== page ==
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William Reeb

Dominic Cingoranelli
The top barrier to communicating with clients

Effective communication is a key to becoming a trusted adviser, but it can be sabotaged by something as surprising as clients’ own self-esteem.

August 4, 2014
by William L. Reeb, CPA/CITP, CGMA, and Dominic Cingoranelli, CPA, CGMA

 

Self-esteem, in our opinion, is the greatest obstruction to communication today.

To emphasize this, consider a CPA asking his client, Bob, the following question: “So, tell me … what motivated you to invest in the triplex rental unit?”

At a quick glance, the question seems inquisitive, but harmless. The history of this transaction is as follows: The client bought the triplex five years ago and paid $400,000 for the unit, and payments including escrow are $4,100 per month.

In scenario one, let’s assume that the real estate market is booming. Therefore, the triplex is now worth $700,000, the rental units average 90% occupancy, and the property has a positive cash flow of $1,200 per month. In this case, Bob’s response to his CPA’s question might be as follows:

“Well, I have been around the real estate business for a long time. When you know what you are doing, you can make some great investments. I bought that property because I could see its potential.”

A second scenario

Before we get underway with a discussion of Bob’s answer, let’s consider scenario two. In this situation, the real estate market has taken a nosedive. In Bob’s locality, real estate typically has declined about 35% in value. The triplex is now worth $270,000, the rental units average 60% occupancy, and the property has a negative cash flow of $1,000 per month. Under these circumstances, Bob’s response might be as follows:

“I don’t really know why I made that investment. I guess I was grabbing for the brass ring and missed. Besides, everyone I know is in the same position I am. And those who aren’t, well, they either didn’t make enough money to buy in to these kind of deals, or they’re just cowards for being unwilling to take any risks.”

So where are we? A simple question was asked with no inference about the quality of the decision. Yet the quality of the decision creates a stigma of success or failure that often guides the friendliness or hostility of the response. So using this example, where is the most common bottleneck in communication? It often is dominated by the egos or the self-esteem of those attempting to communicate. Problems occur any time people perceive their self-esteem to be threatened. Once threatened, the barriers go up, and the protection systems are armed.

In the second scenario, although Bob started out somewhat humbly with his comments, he clearly was threatened. This was apparent because his response justified his decision, established himself as someone special, and concluded with an attack on those more fortunate. The meaning of what he said was something like this:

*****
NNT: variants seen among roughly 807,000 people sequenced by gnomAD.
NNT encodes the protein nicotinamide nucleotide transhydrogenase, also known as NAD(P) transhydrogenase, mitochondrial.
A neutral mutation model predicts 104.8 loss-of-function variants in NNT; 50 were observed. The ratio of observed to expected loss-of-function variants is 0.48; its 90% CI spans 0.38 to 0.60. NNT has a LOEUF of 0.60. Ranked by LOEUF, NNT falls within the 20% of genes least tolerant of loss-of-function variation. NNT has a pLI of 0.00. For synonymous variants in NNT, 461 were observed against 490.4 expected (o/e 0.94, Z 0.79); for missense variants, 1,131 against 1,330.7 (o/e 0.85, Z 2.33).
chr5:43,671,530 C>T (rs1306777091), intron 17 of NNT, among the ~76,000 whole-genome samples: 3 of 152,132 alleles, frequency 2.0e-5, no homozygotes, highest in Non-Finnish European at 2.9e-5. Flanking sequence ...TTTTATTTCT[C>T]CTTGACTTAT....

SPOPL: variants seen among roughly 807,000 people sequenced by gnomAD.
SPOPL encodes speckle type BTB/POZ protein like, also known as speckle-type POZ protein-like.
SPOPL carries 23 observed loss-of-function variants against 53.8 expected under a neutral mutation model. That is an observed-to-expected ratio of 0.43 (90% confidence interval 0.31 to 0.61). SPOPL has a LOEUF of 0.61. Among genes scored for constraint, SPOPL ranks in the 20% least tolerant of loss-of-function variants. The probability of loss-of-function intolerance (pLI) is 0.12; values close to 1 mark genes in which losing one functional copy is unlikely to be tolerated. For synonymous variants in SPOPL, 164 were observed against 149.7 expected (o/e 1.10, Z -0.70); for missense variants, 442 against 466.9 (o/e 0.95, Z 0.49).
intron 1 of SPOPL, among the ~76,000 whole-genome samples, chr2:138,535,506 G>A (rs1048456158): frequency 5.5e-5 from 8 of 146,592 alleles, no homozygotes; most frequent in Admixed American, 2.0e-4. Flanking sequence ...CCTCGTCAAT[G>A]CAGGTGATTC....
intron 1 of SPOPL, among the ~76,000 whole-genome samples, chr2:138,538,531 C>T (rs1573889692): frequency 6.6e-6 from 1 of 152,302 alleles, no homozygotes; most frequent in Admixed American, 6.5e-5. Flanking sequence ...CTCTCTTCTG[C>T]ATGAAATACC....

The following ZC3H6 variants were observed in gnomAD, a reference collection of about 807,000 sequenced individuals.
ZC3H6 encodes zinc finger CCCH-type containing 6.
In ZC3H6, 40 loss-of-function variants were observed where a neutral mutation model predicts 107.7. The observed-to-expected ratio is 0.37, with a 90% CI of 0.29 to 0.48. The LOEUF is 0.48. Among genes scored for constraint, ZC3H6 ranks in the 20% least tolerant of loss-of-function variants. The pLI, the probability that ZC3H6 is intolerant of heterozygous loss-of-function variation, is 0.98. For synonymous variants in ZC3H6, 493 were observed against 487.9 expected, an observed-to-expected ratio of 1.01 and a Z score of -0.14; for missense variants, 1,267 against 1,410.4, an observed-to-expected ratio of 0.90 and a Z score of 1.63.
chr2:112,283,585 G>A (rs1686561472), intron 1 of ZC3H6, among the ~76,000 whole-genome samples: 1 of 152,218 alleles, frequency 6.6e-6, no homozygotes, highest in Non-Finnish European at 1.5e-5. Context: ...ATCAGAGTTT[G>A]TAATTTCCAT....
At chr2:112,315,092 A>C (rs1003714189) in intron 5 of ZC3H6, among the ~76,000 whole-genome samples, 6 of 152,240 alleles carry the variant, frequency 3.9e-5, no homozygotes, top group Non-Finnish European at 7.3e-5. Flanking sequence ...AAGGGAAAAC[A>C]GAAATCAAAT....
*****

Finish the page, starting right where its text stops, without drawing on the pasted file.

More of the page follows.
I know I made a mistake, but so did everyone else. By the way, this mistake could only be made by successful people like me. Otherwise, you couldn’t have bought rental property in the first place. And those who are successful like me, but didn’t get hurt by the real estate market, well, they are cowards and not worthy of my consideration.

It is understandable why most people become defensive and protective of a poor decision, especially when you consider America’s view of failure. But why do defense systems engage even when decisions are outstanding?

Verbal inflators

In the scenario where Bob clearly made an excellent decision, when you analyze his response, a threat was still perceived. Why do we say that? Because Bob made some ego-inflating comments. Comments like “when you know what you’re doing” and “because I could see its potential” were not made for the CPA’s benefit but made as verbal inflators to Bob’s ego to remind himself that he is somebody special. The fact that the inflator statements were stated to the CPA indicates a likelihood that Bob was uncomfortable with himself about something.

He might have felt threatened because he was visiting his CPA. He could have been experiencing some self-doubt due to some unrelated event that happened earlier. Literally millions of reasons are possible why people suffer from self-doubt. However, regardless of the reason, weak egos can quickly disrupt the communication process, especially when two weak egos collide.

As an example, just think what would have happened if the CPA had responded to Bob with similar ego-inflating comments. If Bob was insecure to start with, then he would soon become even more insecure. This insecurity would most likely manifest itself into additional defensive posturing and create even more barriers, which would impede the communication process.

While these scenarios are contrived and exaggerated, they were created to make a point. There is a fine line between communication and alienation. Your ability to walk this fine line depends on how well you can manage your own feelings of worth and remain nonthreatening to the person or persons with whom you are communicating.

Editor’s note: Excerpted with permission from Becoming a Trusted Business Advisor: How to Add Value, Improve Client Loyalty, and Increase Profits. © 2010, AICPA.

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William L. Reeb, CPA/CITP, CGMA, is CEO of Succession Institute LLC. Dominic Cingoranelli, CPA, CGMA, is executive vice president of consulting services at Succession Institute LLC.